Arguments about the role of markets in history need to move past Karl Polanyi.
Matt Bruenig responded to my post about how the great weight of historical evidence indicates that Karl Polanyi’s theory of mankind’s great transformation is wrong. Bruenig responded that he only supports Polanyi’s broad theory of history, the so‐called double movement, and that he divorces it from the rest of Polanyi’s ideas.
Bruenig claims that Polanyi’s theory of history is:
At time one, economic liberalism (i.e. libertarianism) does not exist.
At time two, liberal economic institutions are introduced.
At time three, there is a social movement against these institutions in order to counteract their horrible social consequences.
That is simply not Polanyi’s model of historical change. I will go through the three steps above and fill in what Bruenig left out, explaining why my original post strikes at the heart of Polanyi’s ideas.
Polanyi does not just claim that economic liberalism did not exist. He claimed markets played such a minor role in human society prior to recent reforms in the United Kingdom that they did not produce prices (56). Polanyi wrote that “individual acts of ‘truck, barter, and exchange’ are only exceptionally practiced in primitive societies” (274) and really only for “foreign trade … not trade between individuals but trade between collectivities” (277). Polanyi claimed that the great transformation created the propensity for men to truck, barter, and trade, and to employ the modern economic mentalities that I described at length.
But Polanyi goes even further: not only did economic liberalism not exist, modern economic mentalities did not exist. Polanyi’s point in chapters 3 and 4 of The Great Transformation is that free‐markets and man’s modern economic mentalities are recent symbiotic creations that require each other to exist. It’s not simply that free‐markets were created de novo, it’s that mankind’s economic mentalities were created along with them. That’s why Polanyi spent his career writing booksandarticles detailing how people in pre‐modern civilizations had different economic mentalities, and hence institutions, than modern man does.
Polanyi thought that for free‐markets and industrialization to succeed (he mostly used the terms interchangeably), “all factors [of production] must be on sale … [u]nless this condition is fulfilled, production with the help of specialized machines is too risky to be undertaken” (41). Polanyi continued that treating factors of production as commodities to be bought and sold was a condition that “would not naturally be given; [it] would have to be created. That they would be created gradually in no way affects the startling nature of the changes involved. The transformation implies a change in the motive of action on the part of the members of society: for the motive of subsistence that of gain must be substituted [emphasis added]. All transactions are turned into money transactions” (41). That is Polanyi’s great transformation.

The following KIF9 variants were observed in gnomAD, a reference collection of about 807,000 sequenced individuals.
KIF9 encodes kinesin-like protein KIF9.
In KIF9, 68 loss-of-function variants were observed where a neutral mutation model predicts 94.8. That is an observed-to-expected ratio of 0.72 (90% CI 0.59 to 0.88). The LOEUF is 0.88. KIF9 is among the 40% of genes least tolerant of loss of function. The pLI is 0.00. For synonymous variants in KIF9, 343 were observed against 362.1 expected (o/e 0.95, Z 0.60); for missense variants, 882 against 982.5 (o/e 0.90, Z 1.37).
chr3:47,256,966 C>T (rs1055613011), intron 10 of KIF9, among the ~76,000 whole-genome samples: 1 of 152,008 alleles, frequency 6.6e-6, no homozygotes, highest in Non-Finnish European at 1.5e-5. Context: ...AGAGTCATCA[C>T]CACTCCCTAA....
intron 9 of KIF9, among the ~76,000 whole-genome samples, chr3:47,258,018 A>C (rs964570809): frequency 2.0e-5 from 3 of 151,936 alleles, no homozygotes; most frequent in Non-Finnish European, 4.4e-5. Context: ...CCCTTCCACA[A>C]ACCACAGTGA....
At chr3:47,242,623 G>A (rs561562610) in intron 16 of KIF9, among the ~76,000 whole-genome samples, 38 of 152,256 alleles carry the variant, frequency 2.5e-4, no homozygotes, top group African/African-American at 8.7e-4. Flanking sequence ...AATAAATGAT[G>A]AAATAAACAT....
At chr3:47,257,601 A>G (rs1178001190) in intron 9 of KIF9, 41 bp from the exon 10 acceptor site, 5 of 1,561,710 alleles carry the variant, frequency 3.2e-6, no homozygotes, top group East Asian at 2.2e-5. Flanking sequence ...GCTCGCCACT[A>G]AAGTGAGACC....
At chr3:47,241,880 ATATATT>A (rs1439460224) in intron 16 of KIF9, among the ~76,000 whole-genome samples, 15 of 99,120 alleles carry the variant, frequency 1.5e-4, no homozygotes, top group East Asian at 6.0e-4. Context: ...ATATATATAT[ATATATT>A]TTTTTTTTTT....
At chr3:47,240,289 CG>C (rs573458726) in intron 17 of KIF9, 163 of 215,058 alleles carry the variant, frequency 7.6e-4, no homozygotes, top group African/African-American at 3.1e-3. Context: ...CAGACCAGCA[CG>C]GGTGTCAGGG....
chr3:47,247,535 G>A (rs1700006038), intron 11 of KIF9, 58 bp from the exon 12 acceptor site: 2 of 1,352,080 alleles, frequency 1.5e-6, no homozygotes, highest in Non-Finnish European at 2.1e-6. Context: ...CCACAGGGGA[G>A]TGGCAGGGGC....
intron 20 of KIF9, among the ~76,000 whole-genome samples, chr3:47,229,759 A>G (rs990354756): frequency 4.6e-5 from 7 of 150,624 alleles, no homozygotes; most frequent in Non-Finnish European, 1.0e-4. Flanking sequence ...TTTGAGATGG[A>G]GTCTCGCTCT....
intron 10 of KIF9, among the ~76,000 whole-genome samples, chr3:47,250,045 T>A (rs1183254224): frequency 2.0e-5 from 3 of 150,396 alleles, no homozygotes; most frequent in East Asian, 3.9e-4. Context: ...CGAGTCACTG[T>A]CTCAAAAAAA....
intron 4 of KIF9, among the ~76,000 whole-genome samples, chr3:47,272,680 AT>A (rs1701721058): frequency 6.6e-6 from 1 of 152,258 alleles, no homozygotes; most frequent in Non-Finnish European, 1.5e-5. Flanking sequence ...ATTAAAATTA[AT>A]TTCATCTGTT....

The historical evidence overwhelmingly contradicts Polanyi’s idea that economic mentalities transformed, greatly or otherwise. To recap, people in pre‐modern times had modern economic mentalities, owned private property, traded locally and internationally, sold their labor, used money, and changed their behaviors based on price changes that occurred in markets. That means Polanyi’s great transformation did not occur. People’s economic mentalities did not adjust.
As Polanyi wrote in Chapter 4, Adam Smith contributed to creating the notion that mankind had a “propensity to barter, truck, and exchange one thing for another … yield[ed] the concept of the Economic Man. In retrospect it can be said that no misreading of the past ever proved more prophetic of the future. For while up to Adam Smith’s time that propensity had hardly shown up on a considerable scale in the life of any observed community” (52). Polanyi continued by writing that, “[b]ut the same bias which made Adam Smith’s generation view primeval man as bent on barter and truck induced their successors to disavow all interest in early man, as he was now known not to have indulged in those laudable passions” (45).
For Polanyi, widespread markets and liberal economic institutions are inseparable. Liberal economic institutions certainly help markets grow larger and more efficient but they and the prices determined by people trading in markets have been a huge part of human economic activity for all of recorded history–allocating resources locally and internationally. The liberalism of economic institutions has waxed and waned over the millennia, becoming most liberal in the last few centuries, but markets and the economic mentalities that make them possible have always been present. Polanyi’s first step as it’s properly stated, is just wrong.